It’s no surprise that retailers depend on strong Christmas sales but the global stats show and interesting story of growth.

Both the ABS and NAB show that retailers see a healthy lift in sales across December in the lead up to Christmas as well as continued high sales in January for post-Christmas rush.

Why is the Christmas period so important to marketers in countries like the US, the UK, and Australia? We analysed retail sales data and consumer surveys and we looked at the advertising performance from AdRoll’s 25,000 advertisers to find out.

Here’s what we learned.

Christmas holidays eat the other holidays for breakfast

Detailed retail sales data from the US shows the Q4 holiday season is by far the most impactful, with over $626 billion in sales— that’s a whopping 10x greater than the second-highest-grossing holiday, the back-to-school season.

In fact, when you combine the 2015 sales of all of the other US retail holidays tracked by the National Retail Federation, you get $156.8 billion—one fourth of Christmas holiday sales.

Retail sales increase 20–30% during the holiday season

Holiday_2016_ Infographic Charts_AUS-01News coverage of key shopping dates in the holiday season focus on long lines and packed department stores, but what impact do holiday sales actually have on the retail industry?

Across the three countries we looked at, sales during the 2015 holiday season rose 20–30% compared to average monthly sales.

For the US, the Christmas holidays resulted in approximately $626 billion in sales. Spending in December alone was 21.2% higher than average monthly retail sales throughout 2015.

The UK’s December, meanwhile, showed a 30.7% boost in retail sales—£44.8 billion—compared to the 2015 monthly average.

Finally, AU retailers saw approximately $63.6 billion in holiday sales between November 1, 2015 and January 15, 2016, which represents a 23% boost compared to the average monthly retail sales in Australia.

Ads get more clicks and conversions during peak holidays

Holiday_2016_ Infographic Charts_AUS-02As more consumers spend a greater amount on retail purchases during the lead up to Christmas, traffic rises on eCommerce storefronts and consumers are also more likely to click on ads.

We looked at the performance of advertising between November 26, 2015 and December 31, 2015, to learn how much more likely Australian ad viewers are to interact with advertising.

The click-through rate of ads rose 7.24% on average during the holiday shopping season. What’s more, the click-to-conversion rate (CTCR), which measures how likely users are to perform a desired action after clicking, like purchasing, rose 31.2%.

This means there’s not only a larger audience for marketing messages during the holidays, but also that these audiences are more likely to be swayed by advertising as well.

Christmas retail sales grow more important every year

The sales made at Christmas aren’t valuable for retailers raw sales alone; Christmas spending in itself is an economic trend that retailers are finding increasingly costly to ignore—steadily rising year-over-year in all the countries we looked at.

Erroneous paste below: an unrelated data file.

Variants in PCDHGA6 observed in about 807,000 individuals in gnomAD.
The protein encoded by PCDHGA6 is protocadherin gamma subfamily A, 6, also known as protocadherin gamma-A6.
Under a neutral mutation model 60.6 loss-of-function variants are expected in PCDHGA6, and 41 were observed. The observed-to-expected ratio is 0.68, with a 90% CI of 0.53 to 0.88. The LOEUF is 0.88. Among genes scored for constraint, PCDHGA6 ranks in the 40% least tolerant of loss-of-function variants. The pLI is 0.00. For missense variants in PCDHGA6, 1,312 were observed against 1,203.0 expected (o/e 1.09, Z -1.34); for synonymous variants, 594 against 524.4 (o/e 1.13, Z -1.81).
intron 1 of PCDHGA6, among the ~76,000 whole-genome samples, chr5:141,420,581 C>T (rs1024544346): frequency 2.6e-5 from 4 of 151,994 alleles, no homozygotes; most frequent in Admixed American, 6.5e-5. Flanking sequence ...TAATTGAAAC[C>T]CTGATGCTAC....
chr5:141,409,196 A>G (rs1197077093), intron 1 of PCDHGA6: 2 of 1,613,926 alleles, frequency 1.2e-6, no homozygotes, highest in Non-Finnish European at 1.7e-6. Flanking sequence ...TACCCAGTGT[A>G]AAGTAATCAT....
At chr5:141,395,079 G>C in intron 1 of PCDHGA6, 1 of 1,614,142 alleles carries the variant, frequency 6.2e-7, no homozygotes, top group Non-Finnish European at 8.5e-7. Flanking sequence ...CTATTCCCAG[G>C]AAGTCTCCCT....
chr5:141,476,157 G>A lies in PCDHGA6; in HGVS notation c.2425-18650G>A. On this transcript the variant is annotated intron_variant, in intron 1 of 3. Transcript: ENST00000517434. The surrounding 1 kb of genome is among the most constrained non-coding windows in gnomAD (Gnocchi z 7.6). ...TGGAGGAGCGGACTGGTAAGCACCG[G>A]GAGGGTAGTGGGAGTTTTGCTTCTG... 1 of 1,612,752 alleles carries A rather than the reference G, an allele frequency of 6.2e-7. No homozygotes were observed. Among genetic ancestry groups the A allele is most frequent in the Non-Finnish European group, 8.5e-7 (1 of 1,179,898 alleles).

In the US, holiday retail sales grew from just under $500 billion in 2005 to $626 billion in 2015. In fact, 2015 brought a 3.5% increase in December sales for the US, a 2.3% rise in the UK and the biggest boost of 3.8% for Australia.

Globally the vast majority of Christmas spending is still in-store, but online spending is growing fast

Holiday_2016_ Infographic Charts_AUS-03The majority of holiday spending in the US—roughly 83%—still takes place in brick-and-mortar retail stores; however, online sales across all three nations have grown significantly faster.

In the US, the online share of retail sales has grown from 5.1% in the fourth quarter of 2011 to 7.5% in the fourth quarter of 2015. It is projected to reach nearly $334 billion in spending by the end of 2016.

Meanwhile, e-commerce in the UK has far outpaced the US, growing from 8.1% of all retail sales at 2011’s start to 13.3% in the first quarter of 2016. Slightly behind, Australia’s online sales represented 3.6% of all retail sales in 2013 and they are expected to reach 5.3% by 2017.

What Christmas means for the future of online retailers

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Online storefronts will face two tectonic shifts over the next several years: a rapid growth in market volume and an equally fast shift from desktop to mobile purchasing.

Online retail sales are predicted to reach $534.95 billion in the US by 2019, £86.96 billion in the UK and $23.94 billion for Australia at the end of 2018. Mobile, meanwhile, is expected to account for up to 43% of e-commerce sales in the US by 2019—up from 16% in 2013. Notably, during Q4 2015, 51% of online sales in the UK were completed on mobile devices. And with 63% of digital time spent on mobile devices in Australia a large proportion of sales are expected to be attributed to this channel.

Marketers wishing to take advantage of the Christmas season should begin planning in August and September. Digital marketing offers online retailers a wide range of tactics, like highly segmented display, email and search campaigns, to more efficiently convert increased holiday traffic. But it’s only through careful, advance planning that marketers can make the most of the Christmas boom.

To learn best practices for the season, try a few of these online resources: MailChimp’s holiday marketing has a comprehensive set of 100 creative and practical tips for holiday offers and marketing, Optimizely has created a guide to retail personalisation and HubSpot offers a great step-by-step walkthrough that explains the role email, blogging and social media play in Christmas marketing.